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The impact of additional resistance and balance training in exercise-based cardiac rehabilitation in older patients after valve surgery or intervention: randomized control trial

Authors
  • Tamulevičiūtė-Prascienė, Egle1
  • Beigienė, Aurelija1
  • Thompson, Mark James2
  • Balnė, Kristina3
  • Kubilius, Raimondas1
  • Bjarnason-Wehrens, Birna4
  • 1 Lithuanian University of Health Sciences, Eiveniu g. 2, Kaunas, LT-50161, Lithuania , Kaunas (Lithuania)
  • 2 University of Zurich, Rämistrasse 71, Zürich, CH-8006, Switzerland , Zürich (Switzerland)
  • 3 Lithuanian University of Health Sciences, A. Mickevičiaus g. 9, Kaunas, LT-44307, Lithuania , Kaunas (Lithuania)
  • 4 German Sport University Cologne, Am Sportpark Muengersdorf 6, Cologne, 50933, Germany , Cologne (Germany)
Type
Published Article
Journal
BMC Geriatrics
Publisher
BioMed Central
Publication Date
Jan 07, 2021
Volume
21
Issue
1
Identifiers
DOI: 10.1186/s12877-020-01964-3
Source
Springer Nature
Keywords
License
Green

Abstract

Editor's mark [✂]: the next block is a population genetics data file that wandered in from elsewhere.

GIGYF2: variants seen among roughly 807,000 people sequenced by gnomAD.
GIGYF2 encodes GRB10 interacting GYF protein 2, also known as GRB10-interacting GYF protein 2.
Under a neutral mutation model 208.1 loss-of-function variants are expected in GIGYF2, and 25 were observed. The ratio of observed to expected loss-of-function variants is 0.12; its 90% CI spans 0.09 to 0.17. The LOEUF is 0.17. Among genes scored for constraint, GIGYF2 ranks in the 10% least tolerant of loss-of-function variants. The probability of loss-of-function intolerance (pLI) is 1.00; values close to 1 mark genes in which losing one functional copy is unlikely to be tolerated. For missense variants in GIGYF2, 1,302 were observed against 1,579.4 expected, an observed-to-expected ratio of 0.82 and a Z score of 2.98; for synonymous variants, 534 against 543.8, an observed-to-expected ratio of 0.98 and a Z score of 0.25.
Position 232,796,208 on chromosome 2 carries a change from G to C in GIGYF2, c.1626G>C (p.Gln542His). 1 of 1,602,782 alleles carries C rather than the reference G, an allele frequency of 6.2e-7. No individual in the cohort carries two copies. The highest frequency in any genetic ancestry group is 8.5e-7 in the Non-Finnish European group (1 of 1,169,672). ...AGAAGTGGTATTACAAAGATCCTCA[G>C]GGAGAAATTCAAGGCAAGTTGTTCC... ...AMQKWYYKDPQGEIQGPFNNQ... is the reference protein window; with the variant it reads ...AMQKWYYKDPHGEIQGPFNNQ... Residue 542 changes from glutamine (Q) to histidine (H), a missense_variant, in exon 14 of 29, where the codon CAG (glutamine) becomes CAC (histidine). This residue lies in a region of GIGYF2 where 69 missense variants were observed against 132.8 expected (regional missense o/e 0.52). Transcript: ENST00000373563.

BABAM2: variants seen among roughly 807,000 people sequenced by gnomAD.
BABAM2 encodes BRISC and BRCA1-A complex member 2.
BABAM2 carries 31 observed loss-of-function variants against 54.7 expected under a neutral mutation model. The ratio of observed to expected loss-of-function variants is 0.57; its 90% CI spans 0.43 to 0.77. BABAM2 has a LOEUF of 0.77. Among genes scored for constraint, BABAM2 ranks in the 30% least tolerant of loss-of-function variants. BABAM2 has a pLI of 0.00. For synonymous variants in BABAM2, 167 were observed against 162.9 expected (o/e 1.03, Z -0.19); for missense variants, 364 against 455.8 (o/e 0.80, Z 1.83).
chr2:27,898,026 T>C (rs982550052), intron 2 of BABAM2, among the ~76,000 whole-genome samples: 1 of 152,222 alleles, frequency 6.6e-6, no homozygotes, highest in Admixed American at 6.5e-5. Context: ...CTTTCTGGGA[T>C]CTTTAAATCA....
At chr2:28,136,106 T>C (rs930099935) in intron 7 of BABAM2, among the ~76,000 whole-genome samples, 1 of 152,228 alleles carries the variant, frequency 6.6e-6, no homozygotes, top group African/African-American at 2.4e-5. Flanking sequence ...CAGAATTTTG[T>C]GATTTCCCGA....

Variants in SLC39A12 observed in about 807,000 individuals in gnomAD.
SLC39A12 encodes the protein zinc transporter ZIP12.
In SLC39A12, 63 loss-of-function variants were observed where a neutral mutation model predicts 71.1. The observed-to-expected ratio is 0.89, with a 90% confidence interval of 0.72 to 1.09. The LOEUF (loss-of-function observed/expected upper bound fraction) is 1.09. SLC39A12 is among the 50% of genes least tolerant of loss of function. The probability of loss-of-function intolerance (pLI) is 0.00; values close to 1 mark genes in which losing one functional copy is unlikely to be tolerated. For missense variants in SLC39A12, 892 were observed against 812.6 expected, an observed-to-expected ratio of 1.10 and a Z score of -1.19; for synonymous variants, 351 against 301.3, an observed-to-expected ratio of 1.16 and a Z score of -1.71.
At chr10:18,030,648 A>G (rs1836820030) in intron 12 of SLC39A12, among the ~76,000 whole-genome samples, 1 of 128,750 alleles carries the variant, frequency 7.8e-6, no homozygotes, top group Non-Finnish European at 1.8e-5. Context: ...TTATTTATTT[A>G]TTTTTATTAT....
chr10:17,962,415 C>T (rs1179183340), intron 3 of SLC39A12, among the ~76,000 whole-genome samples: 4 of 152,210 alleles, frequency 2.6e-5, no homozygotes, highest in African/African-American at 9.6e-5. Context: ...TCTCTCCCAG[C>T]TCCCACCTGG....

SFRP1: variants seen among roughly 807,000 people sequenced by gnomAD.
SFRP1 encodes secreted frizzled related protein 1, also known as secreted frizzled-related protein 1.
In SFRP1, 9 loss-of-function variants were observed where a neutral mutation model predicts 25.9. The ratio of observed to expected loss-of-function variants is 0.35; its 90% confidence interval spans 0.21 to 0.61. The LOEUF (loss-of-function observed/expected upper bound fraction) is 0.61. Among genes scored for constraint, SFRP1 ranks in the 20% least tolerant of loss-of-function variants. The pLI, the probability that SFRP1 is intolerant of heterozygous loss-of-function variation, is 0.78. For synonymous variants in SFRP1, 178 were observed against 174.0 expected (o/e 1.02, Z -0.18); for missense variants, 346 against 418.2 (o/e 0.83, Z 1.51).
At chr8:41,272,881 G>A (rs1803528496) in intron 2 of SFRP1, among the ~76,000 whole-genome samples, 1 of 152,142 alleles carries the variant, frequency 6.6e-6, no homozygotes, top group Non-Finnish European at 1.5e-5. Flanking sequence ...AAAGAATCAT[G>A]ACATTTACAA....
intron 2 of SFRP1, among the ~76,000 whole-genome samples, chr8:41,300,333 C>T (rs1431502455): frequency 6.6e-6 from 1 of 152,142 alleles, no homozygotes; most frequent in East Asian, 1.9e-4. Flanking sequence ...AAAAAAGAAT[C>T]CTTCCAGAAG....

BackgroundTo evaluate the short- and mid-term effect of a specially tailored resistance and balance training provided in addition to usual cardiac rehabilitation (CR) care program in older patients after valve surgery/intervention.MethodsSingle-center (inpatient CR clinic in Lithuania) randomized controlled trial. Two hundred fifty-two patients were assessed for eligibility on the first day of admittance to CR early after (14.5 ± 5.9 days) valve surgery/intervention between January 2018 and November 2019. Participants were coded centrally in accordance with randomization 1:1 using a computerized list. Control group (CG) patients were provided with usual care phase-II-CR inpatient multidisciplinary CR program, while intervention group (IG) patients received additional resistance and balance training (3 d/wk). Patients participated in a 3-month follow-up. Main outcome measures were functional capacity (6 min walk test (6MWT, meters), cardiopulmonary exercise testing), physical performance (Short Physical Performance Battery (SPPB, score) and 5-m walk test (5MWT, meters/second)), strength (one repetition maximum test for leg press), physical frailty (SPPB, 5MWT).ResultsOne hundred sixteen patients (76.1 ± 6.7 years, 50% male) who fulfilled the study inclusion criteria were randomized to IG (n = 60) or CG (n = 56) and participated in CR (18.6 ± 2.7 days). As a result, 6MWT (IG 247 ± 94.1 vs. 348 ± 100.1, CG 232 ± 102.8 vs. 333 ± 120.7), SPPB (IG 8.31 ± 2.21 vs. 9.51 ± 2.24, CG 7.95 ± 2.01 vs. 9.08 ± 2.35), 5MWT (IG 0.847 ± 0.31 vs. 0.965 ± 0.3, CG 0.765 ± 0.24 vs 0.879 ± 0.29) all other outcome variables and physical frailty level improved significantly (p < 0.05) in both groups with no significant difference between groups. Improvements were sustained over the 3-month follow-up for 6MWT (IG 348 ± 113 vs. CG 332 ± 147.4), SPPB (IG 10.37 ± 1.59 vs CG 9.44 ± 2.34), 5MWT (IG 1.086 ± 0. 307 vs CG 1.123 ± 0.539) and other variables. Improvement in physical frailty level was significantly more pronounced in IG (p < 0.05) after the 3-month follow-up.ConclusionExercise-based CR improves functional and exercise capacity, physical performance, and muscular strength, and reduces physical frailty levels in patients after valve surgery/intervention in the short and medium terms. SPPB score and 5MWT were useful for physical frailty assessment, screening and evaluation of outcomes in a CR setting. Additional benefit from the resistance and balance training could not be confirmed.Trial registrationNCT04234087, retrospectively registered 21 January 2020.

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